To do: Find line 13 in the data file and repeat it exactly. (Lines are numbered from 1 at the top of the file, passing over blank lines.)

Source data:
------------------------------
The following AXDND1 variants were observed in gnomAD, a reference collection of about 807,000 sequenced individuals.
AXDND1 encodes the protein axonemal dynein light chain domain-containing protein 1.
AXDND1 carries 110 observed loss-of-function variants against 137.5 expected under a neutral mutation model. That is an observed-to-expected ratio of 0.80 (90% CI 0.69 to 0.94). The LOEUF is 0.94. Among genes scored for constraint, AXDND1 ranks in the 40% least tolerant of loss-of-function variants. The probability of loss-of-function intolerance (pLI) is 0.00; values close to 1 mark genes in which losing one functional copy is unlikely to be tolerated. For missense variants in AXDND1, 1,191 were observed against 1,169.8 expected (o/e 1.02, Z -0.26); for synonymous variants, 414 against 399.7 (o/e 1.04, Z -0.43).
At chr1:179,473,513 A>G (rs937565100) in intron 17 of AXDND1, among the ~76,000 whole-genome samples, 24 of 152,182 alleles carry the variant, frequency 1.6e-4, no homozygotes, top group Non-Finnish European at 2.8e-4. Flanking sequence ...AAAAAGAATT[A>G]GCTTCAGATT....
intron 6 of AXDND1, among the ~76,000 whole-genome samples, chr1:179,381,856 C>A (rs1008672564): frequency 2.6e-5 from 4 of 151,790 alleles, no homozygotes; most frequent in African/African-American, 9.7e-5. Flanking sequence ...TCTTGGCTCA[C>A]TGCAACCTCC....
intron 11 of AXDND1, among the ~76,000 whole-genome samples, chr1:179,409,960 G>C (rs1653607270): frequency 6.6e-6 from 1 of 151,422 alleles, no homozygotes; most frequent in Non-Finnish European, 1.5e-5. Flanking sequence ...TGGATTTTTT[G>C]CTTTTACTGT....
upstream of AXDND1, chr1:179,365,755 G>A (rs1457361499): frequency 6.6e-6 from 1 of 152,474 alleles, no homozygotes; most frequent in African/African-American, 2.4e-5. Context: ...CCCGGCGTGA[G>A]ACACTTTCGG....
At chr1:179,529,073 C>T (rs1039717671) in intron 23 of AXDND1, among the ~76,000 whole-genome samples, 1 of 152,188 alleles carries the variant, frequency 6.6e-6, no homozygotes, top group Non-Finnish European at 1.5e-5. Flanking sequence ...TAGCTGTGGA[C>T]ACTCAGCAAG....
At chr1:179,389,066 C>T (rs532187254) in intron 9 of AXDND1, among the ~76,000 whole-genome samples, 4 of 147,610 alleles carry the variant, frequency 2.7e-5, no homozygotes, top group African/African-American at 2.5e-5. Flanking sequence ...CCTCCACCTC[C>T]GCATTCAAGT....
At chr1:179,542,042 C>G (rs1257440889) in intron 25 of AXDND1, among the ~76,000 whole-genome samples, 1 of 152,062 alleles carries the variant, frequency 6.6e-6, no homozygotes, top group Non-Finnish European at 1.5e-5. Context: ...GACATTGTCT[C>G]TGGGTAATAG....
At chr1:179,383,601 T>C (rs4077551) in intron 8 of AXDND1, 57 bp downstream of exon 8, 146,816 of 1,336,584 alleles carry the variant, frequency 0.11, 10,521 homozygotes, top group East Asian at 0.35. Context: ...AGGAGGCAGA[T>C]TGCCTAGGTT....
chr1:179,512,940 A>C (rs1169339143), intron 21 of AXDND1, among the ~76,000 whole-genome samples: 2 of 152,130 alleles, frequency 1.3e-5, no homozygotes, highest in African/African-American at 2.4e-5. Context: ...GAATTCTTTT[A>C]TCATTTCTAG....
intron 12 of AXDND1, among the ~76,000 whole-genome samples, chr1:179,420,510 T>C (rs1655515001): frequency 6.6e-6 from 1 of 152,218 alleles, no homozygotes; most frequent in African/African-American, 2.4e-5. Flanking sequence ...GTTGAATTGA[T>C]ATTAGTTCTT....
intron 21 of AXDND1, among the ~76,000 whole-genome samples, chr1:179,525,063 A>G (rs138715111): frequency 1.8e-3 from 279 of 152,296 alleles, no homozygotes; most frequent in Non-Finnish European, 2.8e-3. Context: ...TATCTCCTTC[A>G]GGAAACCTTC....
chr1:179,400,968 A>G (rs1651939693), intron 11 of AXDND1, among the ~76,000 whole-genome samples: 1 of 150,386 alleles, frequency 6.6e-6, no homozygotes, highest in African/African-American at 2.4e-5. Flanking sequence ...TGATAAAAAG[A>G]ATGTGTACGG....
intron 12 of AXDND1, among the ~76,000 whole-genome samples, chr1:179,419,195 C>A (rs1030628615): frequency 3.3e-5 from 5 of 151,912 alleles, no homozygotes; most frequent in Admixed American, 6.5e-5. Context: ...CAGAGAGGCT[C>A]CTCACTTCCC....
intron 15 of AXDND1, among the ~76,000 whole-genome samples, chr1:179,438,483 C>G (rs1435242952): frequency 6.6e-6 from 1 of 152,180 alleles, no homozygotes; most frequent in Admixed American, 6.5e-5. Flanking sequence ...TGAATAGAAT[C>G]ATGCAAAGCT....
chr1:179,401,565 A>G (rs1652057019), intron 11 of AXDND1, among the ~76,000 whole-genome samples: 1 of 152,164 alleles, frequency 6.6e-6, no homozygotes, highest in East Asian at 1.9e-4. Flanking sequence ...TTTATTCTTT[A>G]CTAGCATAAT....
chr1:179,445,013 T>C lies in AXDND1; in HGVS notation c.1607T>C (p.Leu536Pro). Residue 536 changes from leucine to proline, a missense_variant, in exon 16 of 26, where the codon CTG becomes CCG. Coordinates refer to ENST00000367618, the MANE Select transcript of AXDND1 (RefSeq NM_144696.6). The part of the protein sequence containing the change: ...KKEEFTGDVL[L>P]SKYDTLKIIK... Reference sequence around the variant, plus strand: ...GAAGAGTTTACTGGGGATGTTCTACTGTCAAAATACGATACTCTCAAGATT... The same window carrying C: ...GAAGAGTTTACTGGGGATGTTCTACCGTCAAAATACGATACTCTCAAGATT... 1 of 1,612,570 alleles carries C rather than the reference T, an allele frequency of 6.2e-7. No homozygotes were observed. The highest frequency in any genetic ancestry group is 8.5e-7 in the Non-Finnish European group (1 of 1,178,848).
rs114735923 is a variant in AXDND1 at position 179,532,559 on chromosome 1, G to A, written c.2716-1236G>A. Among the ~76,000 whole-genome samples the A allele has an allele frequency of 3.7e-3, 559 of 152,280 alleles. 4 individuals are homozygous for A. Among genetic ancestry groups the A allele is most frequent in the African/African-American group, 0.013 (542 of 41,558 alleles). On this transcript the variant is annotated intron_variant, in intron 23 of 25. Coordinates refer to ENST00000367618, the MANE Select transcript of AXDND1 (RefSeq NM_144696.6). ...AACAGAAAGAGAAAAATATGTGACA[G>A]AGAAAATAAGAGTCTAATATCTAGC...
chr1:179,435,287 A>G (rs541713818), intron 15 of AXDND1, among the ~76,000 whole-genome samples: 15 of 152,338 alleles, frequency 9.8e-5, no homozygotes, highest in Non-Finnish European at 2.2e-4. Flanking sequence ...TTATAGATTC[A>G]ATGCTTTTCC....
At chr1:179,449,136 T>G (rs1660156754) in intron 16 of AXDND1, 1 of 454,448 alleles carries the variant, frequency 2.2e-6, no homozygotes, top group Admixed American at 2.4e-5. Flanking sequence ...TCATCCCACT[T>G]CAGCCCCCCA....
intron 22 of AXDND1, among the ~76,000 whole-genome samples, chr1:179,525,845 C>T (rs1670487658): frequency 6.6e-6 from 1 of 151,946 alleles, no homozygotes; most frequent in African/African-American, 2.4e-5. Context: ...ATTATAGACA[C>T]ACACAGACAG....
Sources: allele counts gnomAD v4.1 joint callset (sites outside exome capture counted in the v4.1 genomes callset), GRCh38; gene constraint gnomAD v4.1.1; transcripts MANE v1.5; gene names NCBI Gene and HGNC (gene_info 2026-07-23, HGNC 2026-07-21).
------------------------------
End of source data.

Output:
intron 12 of AXDND1, among the ~76,000 whole-genome samples, chr1:179,420,510 T>C (rs1655515001): frequency 6.6e-6 from 1 of 152,218 alleles, no homozygotes; most frequent in African/African-American, 2.4e-5. Flanking sequence ...GTTGAATTGA[T>C]ATTAGTTCTT....